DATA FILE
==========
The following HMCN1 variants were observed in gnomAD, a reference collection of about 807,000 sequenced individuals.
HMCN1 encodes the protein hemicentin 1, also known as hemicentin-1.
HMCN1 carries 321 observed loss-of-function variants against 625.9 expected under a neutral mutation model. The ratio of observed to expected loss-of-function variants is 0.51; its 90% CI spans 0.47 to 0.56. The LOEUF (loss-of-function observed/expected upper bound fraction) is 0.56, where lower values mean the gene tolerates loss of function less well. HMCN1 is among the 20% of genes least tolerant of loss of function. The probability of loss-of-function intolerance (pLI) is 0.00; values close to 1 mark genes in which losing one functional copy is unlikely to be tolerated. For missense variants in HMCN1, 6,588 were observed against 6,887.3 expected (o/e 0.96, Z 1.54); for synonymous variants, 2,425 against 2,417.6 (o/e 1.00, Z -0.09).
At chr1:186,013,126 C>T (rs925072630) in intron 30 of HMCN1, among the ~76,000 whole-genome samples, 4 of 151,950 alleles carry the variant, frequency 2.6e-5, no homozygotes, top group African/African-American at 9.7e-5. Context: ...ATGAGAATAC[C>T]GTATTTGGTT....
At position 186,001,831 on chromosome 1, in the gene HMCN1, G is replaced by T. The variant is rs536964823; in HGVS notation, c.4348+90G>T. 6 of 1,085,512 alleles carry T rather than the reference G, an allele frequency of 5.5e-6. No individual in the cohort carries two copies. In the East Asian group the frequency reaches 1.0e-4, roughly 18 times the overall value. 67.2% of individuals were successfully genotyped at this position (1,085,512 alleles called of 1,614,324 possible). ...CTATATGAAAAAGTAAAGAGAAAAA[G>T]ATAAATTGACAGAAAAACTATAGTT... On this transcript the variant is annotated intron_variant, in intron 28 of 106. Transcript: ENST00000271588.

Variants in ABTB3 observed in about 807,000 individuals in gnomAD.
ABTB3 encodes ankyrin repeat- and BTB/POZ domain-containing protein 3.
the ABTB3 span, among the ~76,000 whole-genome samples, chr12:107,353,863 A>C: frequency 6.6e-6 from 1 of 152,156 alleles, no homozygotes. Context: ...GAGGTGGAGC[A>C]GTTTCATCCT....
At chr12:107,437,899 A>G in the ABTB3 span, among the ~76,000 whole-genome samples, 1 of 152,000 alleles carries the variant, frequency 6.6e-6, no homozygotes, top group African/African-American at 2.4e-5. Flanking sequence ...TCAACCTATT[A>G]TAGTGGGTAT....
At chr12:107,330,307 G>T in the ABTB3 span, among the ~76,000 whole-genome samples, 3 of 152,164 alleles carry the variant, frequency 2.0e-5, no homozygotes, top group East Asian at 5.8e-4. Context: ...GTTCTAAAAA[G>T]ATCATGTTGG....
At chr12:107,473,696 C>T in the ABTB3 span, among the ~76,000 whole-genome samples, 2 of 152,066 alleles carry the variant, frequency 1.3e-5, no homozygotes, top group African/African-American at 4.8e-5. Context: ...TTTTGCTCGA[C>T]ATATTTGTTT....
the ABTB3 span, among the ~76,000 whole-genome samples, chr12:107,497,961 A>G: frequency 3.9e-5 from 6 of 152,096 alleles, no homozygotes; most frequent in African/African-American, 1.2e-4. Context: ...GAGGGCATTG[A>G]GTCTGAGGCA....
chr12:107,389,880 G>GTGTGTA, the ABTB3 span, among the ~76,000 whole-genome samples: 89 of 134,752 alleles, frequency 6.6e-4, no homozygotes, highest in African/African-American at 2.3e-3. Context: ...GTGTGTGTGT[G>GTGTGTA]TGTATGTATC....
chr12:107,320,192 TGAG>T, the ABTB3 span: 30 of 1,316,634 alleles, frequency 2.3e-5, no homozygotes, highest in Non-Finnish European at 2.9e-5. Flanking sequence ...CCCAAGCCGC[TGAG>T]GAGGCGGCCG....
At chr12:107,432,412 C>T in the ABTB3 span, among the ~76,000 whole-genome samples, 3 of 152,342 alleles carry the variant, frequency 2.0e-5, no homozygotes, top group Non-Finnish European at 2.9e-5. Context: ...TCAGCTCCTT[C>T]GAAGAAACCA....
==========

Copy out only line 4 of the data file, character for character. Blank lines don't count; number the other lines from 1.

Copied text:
At chr1:186,013,126 C>T (rs925072630) in intron 30 of HMCN1, among the ~76,000 whole-genome samples, 4 of 151,950 alleles carry the variant, frequency 2.6e-5, no homozygotes, top group African/African-American at 9.7e-5. Context: ...ATGAGAATAC[C>T]GTATTTGGTT....